Reflections October 2013—Freedom in Defending the Truth of Christ

 

October 2013

Freedom in Defending the Truth of Christ

uring World War II, C.S. Lewis gave a series of BBC radio broadcast talks on the Christian faith. These talks established Lewis as a gifted apologist and defender of orthodox Christianity.

As a result, he was asked to address a group of clergy and youth leaders in Wales on Apologetics. He begins by stating that our faith is not based on our preferences or likes, but rather on solid truth. Lewis writes,

I am to talk about apologetics. Apologetics means of course Defence. The first question is—What do you propose to defend? Christianity, of course…We are to defend Christianity itself—the faith preached by the Apostles, attested by the Martyrs, enbodied in the Creeds, expounded by the Fathers. This must be clearly distinguished from the whole of what any one of us may think about God and man. Each of us has his individual emphasis: each holds, in addition to the faith, many opinions which seem to him to be consistent with it and true and important. And so perhaps they are. But as apologists it is not our business to defend them. We are defending Christianity; not “my religion.”

When we mention our personal opinions we must always make quite clear the difference between them and the Faith itself… This distinction, which is demanded by honesty, also gives the apologist a great tactical advantage. The great difficulty is to get modern audiences to realize that you are preaching Christianity solely and simply because you happen to think it true; they always suppose you are preaching it because you like it or think it good for society or something of that sort. Now a clearly maintained distinction between what the Faith actually says and what you would like it to have said or what you understand or what you personally find helpful or think probable, forces your audience to realize that you are tied to your data just as the scientist is tied by the results of the experiments; that you are not just saying what you like. This immediately helps them to realize that what is being discussed is a question about objective fact—not gas about ideals and points of view.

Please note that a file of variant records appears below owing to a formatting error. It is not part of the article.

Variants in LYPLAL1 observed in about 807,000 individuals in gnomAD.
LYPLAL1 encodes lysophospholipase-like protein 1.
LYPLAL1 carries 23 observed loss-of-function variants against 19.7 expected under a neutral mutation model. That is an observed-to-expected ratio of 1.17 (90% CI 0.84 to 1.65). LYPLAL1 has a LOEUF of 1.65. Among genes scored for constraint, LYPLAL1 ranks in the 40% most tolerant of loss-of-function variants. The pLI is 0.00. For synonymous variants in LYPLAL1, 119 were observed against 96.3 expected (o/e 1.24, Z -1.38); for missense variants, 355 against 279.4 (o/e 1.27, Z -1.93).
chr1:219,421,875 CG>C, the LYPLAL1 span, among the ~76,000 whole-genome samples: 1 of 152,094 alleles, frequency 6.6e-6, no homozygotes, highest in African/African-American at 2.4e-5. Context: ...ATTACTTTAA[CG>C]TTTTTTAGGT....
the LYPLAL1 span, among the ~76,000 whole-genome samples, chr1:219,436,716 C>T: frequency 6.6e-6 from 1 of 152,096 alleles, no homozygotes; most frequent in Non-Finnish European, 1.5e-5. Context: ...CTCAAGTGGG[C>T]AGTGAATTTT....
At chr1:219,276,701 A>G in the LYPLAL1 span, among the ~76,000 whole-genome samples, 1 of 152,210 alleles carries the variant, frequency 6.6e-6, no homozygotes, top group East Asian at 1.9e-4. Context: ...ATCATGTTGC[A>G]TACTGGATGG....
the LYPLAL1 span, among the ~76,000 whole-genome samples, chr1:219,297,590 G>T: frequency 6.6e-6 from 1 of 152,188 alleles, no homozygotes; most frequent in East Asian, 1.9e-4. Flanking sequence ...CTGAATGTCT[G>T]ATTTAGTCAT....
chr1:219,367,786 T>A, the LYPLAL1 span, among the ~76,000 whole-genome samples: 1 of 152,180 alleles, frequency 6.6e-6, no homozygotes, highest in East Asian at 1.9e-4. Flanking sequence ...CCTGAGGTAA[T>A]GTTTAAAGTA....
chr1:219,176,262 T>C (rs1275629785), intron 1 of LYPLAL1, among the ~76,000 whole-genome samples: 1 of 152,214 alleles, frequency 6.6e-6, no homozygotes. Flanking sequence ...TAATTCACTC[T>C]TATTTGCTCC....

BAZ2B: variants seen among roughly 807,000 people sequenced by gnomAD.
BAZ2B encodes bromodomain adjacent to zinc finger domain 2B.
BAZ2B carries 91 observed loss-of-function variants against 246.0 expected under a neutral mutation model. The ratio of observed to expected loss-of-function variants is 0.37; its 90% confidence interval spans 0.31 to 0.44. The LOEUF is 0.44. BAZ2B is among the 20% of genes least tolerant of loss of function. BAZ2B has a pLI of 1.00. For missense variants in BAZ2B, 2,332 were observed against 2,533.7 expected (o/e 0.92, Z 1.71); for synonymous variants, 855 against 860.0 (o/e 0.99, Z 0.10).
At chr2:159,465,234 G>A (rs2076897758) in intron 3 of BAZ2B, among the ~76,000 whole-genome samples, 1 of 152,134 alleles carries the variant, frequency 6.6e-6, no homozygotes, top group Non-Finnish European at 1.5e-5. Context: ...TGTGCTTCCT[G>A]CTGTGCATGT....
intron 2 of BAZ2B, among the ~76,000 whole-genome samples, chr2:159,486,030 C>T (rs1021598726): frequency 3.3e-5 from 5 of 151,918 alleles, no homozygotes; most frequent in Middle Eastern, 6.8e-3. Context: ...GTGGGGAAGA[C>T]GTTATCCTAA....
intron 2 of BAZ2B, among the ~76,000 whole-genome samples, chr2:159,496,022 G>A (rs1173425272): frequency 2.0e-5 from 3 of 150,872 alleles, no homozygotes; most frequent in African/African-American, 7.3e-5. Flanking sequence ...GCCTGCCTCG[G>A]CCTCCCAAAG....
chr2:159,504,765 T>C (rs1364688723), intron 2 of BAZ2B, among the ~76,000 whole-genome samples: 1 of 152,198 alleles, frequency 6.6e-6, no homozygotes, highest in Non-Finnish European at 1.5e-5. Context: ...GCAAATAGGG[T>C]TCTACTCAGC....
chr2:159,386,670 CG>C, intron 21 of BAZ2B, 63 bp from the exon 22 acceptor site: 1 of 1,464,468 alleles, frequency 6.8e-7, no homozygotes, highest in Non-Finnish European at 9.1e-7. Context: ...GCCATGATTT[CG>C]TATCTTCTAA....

Knowing that our faith is based on solid truth as revealed to us by Jesus Himself, rather than being dependent on public opinion polls, fad theology or the whims of people, should give us confidence as we explain our faith to others. It is also freeing, to know that we can be open, transparent and honest with others about our beliefs pointing them to the objective fact of Scripture as our guide.

“To the Jews who had believed him, Jesus said,
'If you hold to my teaching, you are really my disciples.

Then you will know the truth, and the truth will set you free.'”
JOHN 8:31-32 (NIV)

 

1 C.S. Lewis, “Christian Apologetics,” in God in the Dock (Grand Rapids: Eerdmans, 1998), 89-91.


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